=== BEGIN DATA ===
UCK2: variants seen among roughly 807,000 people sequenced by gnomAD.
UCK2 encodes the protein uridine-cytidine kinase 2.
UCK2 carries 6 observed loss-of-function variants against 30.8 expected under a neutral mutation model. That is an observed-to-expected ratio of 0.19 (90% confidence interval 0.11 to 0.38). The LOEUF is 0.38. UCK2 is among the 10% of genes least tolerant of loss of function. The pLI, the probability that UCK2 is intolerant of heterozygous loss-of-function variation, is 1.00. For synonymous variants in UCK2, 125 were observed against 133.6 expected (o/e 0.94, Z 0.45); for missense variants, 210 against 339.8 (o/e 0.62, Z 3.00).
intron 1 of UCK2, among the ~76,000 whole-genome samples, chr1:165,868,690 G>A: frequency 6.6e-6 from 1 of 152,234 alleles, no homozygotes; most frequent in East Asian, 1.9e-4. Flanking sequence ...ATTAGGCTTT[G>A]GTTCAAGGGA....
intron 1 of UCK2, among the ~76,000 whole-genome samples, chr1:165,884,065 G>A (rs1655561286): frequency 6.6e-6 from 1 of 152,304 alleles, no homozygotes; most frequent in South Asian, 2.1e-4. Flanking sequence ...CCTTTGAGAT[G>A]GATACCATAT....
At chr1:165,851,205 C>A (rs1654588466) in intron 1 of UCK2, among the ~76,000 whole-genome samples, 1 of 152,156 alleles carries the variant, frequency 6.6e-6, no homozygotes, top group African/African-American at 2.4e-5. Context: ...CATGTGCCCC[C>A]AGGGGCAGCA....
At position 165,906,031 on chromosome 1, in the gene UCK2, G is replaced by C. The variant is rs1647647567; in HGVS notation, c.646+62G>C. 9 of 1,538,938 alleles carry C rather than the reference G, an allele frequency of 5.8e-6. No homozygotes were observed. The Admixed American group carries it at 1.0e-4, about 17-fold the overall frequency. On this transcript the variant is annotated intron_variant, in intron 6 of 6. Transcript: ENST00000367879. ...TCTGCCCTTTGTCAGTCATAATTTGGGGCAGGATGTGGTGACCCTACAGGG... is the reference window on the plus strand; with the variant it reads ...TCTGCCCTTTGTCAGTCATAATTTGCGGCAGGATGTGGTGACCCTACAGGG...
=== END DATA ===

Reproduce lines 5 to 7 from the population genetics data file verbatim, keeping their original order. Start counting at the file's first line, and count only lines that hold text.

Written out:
intron 1 of UCK2, among the ~76,000 whole-genome samples, chr1:165,884,065 G>A (rs1655561286): frequency 6.6e-6 from 1 of 152,304 alleles, no homozygotes; most frequent in South Asian, 2.1e-4. Flanking sequence ...CCTTTGAGAT[G>A]GATACCATAT....
At chr1:165,851,205 C>A (rs1654588466) in intron 1 of UCK2, among the ~76,000 whole-genome samples, 1 of 152,156 alleles carries the variant, frequency 6.6e-6, no homozygotes, top group African/African-American at 2.4e-5. Context: ...CATGTGCCCC[C>A]AGGGGCAGCA....
At position 165,906,031 on chromosome 1, in the gene UCK2, G is replaced by C. The variant is rs1647647567; in HGVS notation, c.646+62G>C. 9 of 1,538,938 alleles carry C rather than the reference G, an allele frequency of 5.8e-6. No homozygotes were observed. The Admixed American group carries it at 1.0e-4, about 17-fold the overall frequency. On this transcript the variant is annotated intron_variant, in intron 6 of 6. Transcript: ENST00000367879. ...TCTGCCCTTTGTCAGTCATAATTTGGGGCAGGATGTGGTGACCCTACAGGG... is the reference window on the plus strand; with the variant it reads ...TCTGCCCTTTGTCAGTCATAATTTGCGGCAGGATGTGGTGACCCTACAGGG...